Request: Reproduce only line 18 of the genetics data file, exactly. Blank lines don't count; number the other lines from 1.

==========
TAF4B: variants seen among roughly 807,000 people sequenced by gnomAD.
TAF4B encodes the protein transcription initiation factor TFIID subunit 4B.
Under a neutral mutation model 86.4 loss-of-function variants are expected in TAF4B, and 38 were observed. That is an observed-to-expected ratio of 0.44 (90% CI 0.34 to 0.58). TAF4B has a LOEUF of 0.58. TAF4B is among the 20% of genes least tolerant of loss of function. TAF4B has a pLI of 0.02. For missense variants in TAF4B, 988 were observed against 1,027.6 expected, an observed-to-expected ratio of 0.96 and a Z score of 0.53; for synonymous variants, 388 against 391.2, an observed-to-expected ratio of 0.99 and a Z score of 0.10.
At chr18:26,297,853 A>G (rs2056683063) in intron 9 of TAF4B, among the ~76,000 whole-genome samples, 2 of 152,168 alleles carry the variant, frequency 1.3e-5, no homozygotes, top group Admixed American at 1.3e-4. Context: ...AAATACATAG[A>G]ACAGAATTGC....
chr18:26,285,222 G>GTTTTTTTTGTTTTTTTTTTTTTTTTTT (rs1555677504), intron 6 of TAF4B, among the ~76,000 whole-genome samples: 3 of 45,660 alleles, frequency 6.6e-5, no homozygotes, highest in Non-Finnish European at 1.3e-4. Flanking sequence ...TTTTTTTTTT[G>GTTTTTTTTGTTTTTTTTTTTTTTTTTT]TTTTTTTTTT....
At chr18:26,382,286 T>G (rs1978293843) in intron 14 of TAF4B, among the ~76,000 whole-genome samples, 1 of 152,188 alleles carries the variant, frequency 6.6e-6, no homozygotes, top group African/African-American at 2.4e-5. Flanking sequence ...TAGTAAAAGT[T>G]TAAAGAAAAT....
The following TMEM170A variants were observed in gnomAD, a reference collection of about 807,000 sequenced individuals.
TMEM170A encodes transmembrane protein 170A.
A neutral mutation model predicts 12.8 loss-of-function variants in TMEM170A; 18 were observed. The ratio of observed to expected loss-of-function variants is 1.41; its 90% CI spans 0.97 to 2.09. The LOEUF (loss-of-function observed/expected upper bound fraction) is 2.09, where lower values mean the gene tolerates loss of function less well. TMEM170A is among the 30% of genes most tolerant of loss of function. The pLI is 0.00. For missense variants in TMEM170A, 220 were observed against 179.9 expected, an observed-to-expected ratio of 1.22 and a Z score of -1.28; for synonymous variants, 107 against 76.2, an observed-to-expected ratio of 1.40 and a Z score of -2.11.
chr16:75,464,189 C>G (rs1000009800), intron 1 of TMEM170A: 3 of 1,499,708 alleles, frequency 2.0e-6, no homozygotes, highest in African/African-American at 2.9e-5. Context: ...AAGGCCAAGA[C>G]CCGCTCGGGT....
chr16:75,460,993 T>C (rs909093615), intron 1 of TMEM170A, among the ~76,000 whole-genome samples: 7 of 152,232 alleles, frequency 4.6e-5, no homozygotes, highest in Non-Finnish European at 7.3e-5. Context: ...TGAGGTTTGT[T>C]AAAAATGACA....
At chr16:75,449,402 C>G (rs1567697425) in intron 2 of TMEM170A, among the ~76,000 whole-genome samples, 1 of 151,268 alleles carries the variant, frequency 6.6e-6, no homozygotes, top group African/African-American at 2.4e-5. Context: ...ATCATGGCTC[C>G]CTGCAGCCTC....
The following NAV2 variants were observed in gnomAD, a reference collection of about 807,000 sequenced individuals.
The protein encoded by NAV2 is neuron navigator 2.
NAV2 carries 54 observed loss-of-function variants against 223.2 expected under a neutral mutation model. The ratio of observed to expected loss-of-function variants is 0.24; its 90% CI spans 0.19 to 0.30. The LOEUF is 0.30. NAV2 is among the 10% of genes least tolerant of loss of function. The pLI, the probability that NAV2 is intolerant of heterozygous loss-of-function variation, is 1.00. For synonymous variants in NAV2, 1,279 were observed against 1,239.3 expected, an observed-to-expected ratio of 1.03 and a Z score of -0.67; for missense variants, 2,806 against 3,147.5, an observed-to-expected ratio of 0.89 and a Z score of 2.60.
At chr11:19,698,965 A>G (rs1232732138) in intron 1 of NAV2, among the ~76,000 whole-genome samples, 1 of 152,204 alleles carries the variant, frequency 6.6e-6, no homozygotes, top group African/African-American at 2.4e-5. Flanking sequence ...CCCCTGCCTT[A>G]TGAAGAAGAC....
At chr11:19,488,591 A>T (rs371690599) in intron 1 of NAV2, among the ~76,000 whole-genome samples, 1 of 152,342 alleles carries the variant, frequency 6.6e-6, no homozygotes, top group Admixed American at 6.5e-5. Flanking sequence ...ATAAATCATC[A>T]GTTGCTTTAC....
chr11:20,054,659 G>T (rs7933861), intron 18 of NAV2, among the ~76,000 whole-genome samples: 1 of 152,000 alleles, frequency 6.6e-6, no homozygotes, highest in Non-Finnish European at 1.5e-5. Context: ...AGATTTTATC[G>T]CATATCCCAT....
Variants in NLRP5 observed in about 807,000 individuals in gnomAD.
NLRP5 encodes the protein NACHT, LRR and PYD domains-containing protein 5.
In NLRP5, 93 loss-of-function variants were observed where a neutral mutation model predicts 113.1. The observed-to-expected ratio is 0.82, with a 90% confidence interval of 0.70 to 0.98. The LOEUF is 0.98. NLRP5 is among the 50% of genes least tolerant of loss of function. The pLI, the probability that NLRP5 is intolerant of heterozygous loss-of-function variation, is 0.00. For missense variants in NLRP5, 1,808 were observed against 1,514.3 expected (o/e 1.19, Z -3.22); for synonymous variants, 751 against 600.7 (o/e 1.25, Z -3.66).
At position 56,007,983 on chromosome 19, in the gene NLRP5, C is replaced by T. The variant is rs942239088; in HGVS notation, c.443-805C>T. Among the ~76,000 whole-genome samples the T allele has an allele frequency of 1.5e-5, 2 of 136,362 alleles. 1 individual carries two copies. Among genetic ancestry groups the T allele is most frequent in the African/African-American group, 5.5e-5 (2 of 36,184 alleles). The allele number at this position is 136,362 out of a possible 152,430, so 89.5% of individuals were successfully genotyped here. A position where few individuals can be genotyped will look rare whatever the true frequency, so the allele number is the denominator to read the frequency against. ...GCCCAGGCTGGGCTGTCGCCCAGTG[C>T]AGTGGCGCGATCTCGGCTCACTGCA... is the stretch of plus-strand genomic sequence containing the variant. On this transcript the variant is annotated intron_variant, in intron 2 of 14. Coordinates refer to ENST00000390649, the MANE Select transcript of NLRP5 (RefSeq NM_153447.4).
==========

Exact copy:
chr11:20,054,659 G>T (rs7933861), intron 18 of NAV2, among the ~76,000 whole-genome samples: 1 of 152,000 alleles, frequency 6.6e-6, no homozygotes, highest in Non-Finnish European at 1.5e-5. Context: ...AGATTTTATC[G>T]CATATCCCAT....